that Highway 93 through Kootenay National Park is a road that, given the terrain, already requires heightened attention, and one which already contains distractions in the form of bears, deer and other wildlife. Adding the potential for distracted driving due to using cell phones would come on top of these other risks, she said. 

Windermere resident Colleen Roberts is, along with Ms. Litchfield, part of the push to get cell service in the national park and recently sent a letter to the Canadian Radio-television and Telecommunications Commission (CRTC) outlining her safety concerns about the lack of coverage, pointing out in her letter that “when accidents occur, victims must wait until Parks Canada personnel with a VHF radio or truck drivers with satellite radios drive by to call emergency services.”

“Are there CRTC policies that could be used to persuade them (Telus) to provide the facilities necessary to deliver cell coverage in this much needed area?” she asks in the letter.

In late February, Ms. Roberts received a reply from CRTC Client Services manger Michelle Edge, saying “the CRTC does not require wireless service providers (WSPs) to offer service in areas where wireless service is not currently or is only partially available. WSPs are solely responsible for making the business decision of providing service in a particular region.”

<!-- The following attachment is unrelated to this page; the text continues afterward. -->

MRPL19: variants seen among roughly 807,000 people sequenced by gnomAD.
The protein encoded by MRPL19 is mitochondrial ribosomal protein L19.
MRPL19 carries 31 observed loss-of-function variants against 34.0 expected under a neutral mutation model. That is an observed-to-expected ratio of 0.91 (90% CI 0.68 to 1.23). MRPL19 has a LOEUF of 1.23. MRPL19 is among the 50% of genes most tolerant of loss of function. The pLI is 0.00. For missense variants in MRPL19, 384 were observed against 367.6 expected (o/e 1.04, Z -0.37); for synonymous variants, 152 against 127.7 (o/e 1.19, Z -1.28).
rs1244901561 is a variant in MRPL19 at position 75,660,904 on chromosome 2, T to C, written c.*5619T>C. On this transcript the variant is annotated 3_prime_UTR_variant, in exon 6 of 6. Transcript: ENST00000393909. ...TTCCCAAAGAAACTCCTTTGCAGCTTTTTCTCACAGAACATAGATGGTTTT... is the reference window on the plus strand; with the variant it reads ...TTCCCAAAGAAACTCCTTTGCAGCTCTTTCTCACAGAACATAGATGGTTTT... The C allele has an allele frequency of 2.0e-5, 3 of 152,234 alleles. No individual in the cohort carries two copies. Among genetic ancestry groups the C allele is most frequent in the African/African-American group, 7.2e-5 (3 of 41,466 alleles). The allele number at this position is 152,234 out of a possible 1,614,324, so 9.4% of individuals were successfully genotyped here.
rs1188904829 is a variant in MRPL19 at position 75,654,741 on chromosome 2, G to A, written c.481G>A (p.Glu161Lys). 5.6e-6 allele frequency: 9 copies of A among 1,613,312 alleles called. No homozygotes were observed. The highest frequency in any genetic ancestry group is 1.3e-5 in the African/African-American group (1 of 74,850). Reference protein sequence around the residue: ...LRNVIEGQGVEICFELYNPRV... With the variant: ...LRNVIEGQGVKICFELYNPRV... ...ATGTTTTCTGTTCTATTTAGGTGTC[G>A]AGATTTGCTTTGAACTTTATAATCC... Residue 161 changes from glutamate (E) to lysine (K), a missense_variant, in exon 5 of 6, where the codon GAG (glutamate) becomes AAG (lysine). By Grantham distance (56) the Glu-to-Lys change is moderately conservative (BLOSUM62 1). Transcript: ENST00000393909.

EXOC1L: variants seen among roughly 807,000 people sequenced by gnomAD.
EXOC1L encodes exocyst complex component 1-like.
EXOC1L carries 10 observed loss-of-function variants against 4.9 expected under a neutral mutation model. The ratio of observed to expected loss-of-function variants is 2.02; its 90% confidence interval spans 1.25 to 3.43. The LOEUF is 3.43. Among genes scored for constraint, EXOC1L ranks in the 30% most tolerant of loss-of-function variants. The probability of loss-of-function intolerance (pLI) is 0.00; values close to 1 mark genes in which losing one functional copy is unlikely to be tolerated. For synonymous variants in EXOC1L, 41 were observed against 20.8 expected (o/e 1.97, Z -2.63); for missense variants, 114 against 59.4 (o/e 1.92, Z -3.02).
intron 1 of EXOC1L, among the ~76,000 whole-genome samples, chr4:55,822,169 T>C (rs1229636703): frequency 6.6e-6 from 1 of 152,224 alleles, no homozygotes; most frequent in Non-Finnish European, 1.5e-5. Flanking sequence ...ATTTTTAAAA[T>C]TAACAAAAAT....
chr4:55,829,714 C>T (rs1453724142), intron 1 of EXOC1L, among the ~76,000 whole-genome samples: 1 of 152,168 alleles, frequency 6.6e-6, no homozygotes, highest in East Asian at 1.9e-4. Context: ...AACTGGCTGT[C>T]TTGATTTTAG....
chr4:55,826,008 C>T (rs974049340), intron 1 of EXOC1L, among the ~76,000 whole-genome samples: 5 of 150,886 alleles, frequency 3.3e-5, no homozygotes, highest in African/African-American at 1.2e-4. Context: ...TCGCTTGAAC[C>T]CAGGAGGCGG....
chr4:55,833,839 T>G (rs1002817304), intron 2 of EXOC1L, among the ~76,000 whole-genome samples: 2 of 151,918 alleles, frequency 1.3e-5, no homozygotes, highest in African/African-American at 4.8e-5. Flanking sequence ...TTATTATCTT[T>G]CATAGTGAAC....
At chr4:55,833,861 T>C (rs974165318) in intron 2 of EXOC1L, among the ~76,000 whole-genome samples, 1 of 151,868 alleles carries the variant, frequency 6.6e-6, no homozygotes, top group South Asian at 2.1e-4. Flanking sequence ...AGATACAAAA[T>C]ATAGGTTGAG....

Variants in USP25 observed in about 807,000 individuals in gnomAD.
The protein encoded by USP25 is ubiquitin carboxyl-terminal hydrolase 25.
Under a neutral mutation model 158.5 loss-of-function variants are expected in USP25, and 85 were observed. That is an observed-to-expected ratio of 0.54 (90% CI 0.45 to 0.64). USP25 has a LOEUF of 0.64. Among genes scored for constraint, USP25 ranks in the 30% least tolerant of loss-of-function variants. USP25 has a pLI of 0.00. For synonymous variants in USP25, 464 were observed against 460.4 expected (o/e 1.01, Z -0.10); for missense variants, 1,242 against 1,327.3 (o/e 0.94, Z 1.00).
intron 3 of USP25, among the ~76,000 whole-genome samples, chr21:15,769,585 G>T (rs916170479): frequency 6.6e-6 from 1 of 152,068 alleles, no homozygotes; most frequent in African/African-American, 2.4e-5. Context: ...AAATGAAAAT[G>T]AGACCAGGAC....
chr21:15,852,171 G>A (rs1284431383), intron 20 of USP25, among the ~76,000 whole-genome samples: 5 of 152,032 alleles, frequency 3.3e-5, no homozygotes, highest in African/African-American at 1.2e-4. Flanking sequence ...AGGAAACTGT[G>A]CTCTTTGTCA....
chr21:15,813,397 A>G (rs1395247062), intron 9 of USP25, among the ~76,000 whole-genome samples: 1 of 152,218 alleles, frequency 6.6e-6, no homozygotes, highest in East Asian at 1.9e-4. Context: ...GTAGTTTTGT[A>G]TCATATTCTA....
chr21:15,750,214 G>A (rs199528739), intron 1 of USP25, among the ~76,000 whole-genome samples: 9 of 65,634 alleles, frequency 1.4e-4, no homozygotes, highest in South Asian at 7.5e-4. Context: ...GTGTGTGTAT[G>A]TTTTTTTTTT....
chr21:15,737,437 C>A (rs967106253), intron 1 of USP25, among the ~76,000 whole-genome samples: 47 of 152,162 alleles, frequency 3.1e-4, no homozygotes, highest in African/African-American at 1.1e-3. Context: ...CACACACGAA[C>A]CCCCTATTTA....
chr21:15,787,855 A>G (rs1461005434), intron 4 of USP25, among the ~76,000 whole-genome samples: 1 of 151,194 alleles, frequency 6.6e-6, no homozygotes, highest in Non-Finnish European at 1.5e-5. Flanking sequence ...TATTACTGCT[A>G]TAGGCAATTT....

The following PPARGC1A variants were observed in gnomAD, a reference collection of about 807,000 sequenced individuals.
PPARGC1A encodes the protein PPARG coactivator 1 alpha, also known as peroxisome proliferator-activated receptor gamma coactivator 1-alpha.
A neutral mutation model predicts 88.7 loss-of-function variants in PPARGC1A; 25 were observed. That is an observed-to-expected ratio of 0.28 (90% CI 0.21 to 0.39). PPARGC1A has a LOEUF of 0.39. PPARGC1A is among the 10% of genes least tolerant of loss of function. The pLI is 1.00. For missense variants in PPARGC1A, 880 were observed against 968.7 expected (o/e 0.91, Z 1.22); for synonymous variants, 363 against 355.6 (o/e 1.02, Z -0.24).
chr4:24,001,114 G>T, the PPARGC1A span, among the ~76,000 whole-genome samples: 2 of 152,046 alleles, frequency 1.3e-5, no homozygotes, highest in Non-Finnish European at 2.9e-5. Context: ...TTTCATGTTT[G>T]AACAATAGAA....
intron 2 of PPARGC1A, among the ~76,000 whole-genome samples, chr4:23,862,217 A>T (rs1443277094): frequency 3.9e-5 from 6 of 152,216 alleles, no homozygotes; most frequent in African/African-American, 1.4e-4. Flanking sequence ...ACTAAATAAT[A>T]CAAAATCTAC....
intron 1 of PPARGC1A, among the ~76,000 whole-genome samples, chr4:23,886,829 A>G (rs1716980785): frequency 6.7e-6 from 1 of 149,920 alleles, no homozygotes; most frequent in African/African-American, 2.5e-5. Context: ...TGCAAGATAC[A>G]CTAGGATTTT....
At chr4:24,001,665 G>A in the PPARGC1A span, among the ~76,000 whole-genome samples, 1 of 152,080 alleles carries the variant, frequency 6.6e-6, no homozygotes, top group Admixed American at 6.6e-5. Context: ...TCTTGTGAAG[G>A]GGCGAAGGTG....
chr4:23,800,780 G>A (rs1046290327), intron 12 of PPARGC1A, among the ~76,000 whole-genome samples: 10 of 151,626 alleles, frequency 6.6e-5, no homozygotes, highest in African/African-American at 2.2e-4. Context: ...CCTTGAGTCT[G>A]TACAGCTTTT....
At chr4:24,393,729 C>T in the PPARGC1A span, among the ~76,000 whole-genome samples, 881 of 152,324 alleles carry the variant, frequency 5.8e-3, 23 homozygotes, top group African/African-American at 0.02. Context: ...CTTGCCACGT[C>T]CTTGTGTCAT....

Ms. Edge advised Ms. Roberts to instead seek the help of local governments.

Steve Hubrecht
Email: steve@columbiavalleypioneer.com
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Reporter Steve Hubrecht arrived in the Columbia Valley after working for newspapers in Fernie, B.C., and Beijing, China. He spends as much time outside as possible – if he's not at the Pioneer and Echo office, he's probably out telemarking or hiking. He grew up in southern Ontario and graduated with an MA in Journalism from the University of Western Ontario in 2006.

10 Responses to Locals push for cell phone coverage in Kootenay Park

  1. Nan Douglas says:

    Highway 93 expriences significant volumes of traffic seasonally to warrant full cell phone coverage from Radium to Hwy 1. We must find a way to make this happen and I applaud those who are leading this application.

  2. Maureen Fjeld says:

    I agree. This needs to happen ASAP as human lives may be affected when there is an accident. In South Africa they camophlage the poles to make them look like trees, the same can be done here. Also solar panels can be used for power.